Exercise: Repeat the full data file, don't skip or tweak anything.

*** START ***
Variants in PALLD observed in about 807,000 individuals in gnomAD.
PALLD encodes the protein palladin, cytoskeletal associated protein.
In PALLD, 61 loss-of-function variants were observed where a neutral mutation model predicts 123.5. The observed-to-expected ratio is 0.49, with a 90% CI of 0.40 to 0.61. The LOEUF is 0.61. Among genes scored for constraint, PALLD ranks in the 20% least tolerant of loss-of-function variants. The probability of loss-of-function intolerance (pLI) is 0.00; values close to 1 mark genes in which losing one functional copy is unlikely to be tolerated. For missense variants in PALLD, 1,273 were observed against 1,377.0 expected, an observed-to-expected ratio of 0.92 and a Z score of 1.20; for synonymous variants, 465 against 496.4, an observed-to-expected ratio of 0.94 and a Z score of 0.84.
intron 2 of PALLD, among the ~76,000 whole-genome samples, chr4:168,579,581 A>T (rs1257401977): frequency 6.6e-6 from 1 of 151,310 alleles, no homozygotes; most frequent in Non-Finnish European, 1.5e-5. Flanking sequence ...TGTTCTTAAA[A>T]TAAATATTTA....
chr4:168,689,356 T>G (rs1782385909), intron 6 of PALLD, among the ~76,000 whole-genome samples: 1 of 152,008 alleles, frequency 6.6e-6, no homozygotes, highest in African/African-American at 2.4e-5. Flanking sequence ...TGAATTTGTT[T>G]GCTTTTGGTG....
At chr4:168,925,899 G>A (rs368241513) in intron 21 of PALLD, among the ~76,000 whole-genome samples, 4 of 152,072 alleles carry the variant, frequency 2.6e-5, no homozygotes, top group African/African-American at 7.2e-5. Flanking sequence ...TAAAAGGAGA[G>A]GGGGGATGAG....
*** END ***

Variants in PALLD observed in about 807,000 individuals in gnomAD.
PALLD encodes the protein palladin, cytoskeletal associated protein.
In PALLD, 61 loss-of-function variants were observed where a neutral mutation model predicts 123.5. The observed-to-expected ratio is 0.49, with a 90% CI of 0.40 to 0.61. The LOEUF is 0.61. Among genes scored for constraint, PALLD ranks in the 20% least tolerant of loss-of-function variants. The probability of loss-of-function intolerance (pLI) is 0.00; values close to 1 mark genes in which losing one functional copy is unlikely to be tolerated. For missense variants in PALLD, 1,273 were observed against 1,377.0 expected, an observed-to-expected ratio of 0.92 and a Z score of 1.20; for synonymous variants, 465 against 496.4, an observed-to-expected ratio of 0.94 and a Z score of 0.84.
intron 2 of PALLD, among the ~76,000 whole-genome samples, chr4:168,579,581 A>T (rs1257401977): frequency 6.6e-6 from 1 of 151,310 alleles, no homozygotes; most frequent in Non-Finnish European, 1.5e-5. Flanking sequence ...TGTTCTTAAA[A>T]TAAATATTTA....
chr4:168,689,356 T>G (rs1782385909), intron 6 of PALLD, among the ~76,000 whole-genome samples: 1 of 152,008 alleles, frequency 6.6e-6, no homozygotes, highest in African/African-American at 2.4e-5. Flanking sequence ...TGAATTTGTT[T>G]GCTTTTGGTG....
At chr4:168,925,899 G>A (rs368241513) in intron 21 of PALLD, among the ~76,000 whole-genome samples, 4 of 152,072 alleles carry the variant, frequency 2.6e-5, no homozygotes, top group African/African-American at 7.2e-5. Flanking sequence ...TAAAAGGAGA[G>A]GGGGGATGAG....